Housing Project Dispute Settled
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Housing Project Dispute Settled

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A dispute between Jewish and Puerto Rican groups which has kept a new housing project on Manhattan’s Lower East Side vacant for more than two years was ended when Federal Judge Mossir Lasker signed an order Friday approving a compromise settlement. Under the plan, which Judge Lasker called “a just settlement of a difficult and complex dispute,” apartments in two low-income buildings in the Seward Park Extension Urban Renewal area will be occupied on a 60 to 40 non-white to white ratio, including an estimated 120 Jewish families.

In complicated litigation which preceded the settlement, Judge Lasker had previously granted first priority to former occupants of buildings on the site which had been demolished to make room for the housing project. Judge Lasker said approval of the plan would prevent further delay in occupancy of the 360 apartments in the two 23-story buildings. He said the settlement offered a “nice balance, not only between the races but between the rights of the parties.”

Litigation began when former Puerto Rican residents brought suit because the City Housing Authority gave preference to families outside the designated area, most of them Jewish. The National Jewish Commission on Law and Public Affairs (COLPA), and the Legal Aid Society represented the Jewish tenants at the request of the United Jewish Council of the Lower East Side, coordinating agency for aid to the area’s Jewish poor. A COLPA spokesman said the Housing Authority initially granted 171 leases out of 360 to residents of nearby areas.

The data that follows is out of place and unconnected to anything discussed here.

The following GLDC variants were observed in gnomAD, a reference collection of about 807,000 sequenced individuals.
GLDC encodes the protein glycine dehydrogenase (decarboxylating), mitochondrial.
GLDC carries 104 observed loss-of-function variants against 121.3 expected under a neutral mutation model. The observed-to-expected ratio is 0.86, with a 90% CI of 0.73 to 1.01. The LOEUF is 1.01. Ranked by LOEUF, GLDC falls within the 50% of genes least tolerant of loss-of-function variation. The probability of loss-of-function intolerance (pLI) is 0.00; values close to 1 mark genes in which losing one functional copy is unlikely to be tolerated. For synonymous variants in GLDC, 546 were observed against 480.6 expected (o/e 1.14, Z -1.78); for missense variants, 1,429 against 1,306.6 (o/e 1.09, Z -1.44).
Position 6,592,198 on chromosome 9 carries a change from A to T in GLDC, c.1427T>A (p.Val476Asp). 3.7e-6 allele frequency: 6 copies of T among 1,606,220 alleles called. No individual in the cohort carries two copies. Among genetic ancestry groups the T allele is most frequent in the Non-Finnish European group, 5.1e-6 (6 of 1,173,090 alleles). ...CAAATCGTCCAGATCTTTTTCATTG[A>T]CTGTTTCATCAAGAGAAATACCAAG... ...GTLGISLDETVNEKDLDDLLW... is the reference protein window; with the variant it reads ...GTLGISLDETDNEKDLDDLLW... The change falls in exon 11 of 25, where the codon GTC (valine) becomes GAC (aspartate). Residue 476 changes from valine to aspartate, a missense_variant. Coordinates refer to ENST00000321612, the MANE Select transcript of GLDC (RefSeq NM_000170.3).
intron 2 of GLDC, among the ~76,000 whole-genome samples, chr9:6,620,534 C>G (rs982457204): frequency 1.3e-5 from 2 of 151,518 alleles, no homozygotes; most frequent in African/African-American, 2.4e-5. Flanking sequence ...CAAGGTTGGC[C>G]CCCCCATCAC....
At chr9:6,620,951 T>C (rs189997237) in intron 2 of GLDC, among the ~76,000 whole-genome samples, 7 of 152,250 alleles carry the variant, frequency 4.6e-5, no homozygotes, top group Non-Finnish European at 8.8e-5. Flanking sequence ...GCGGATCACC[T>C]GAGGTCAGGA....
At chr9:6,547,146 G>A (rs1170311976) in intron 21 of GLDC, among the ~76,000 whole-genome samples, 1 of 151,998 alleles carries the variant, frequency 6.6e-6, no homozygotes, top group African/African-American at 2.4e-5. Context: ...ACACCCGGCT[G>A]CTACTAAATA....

After several lower court rulings, including one by Judge Lasker, in favor of the Puerto Rican suit, the federal Court of Appeals reversed the lower courts and ordered the case back to Judge Lasker for a trial of the issues, particularly the question of ghettoization. A series of conciliation meetings, to avoid a trial, followed, which led to the settlement approved by Judge Lasker.

The COLPA spokesman noted that the Court of Appeals decision in the case could have major constitutional significance on priorities in public housing projects. The appeals court upheld the contention of COLPA and the Legal Aid Society that the Housing Authority’s regulations giving preference in new buildings to prior site residents need not be applied automatically where the result would be creation of a non-white ghetto.

Under the ruling, also, the spokesman said, while religious beliefs may not normally be used as a basis for assignment of public housing apartments, Jewish families could be re-located from other public housing and assigned space in a concentrated area of a new project near a synagogue they used regularly, if their safety and physical well-being were jeopardized by their disbursement throughout an otherwise hostile community. In addition to local community leaders, Harvey Blitz and Dennis Rapps of COLPA, and Kalman Finkel and Helaine Barnett of the Legal Aid Society, represented the Jewish community of the area.

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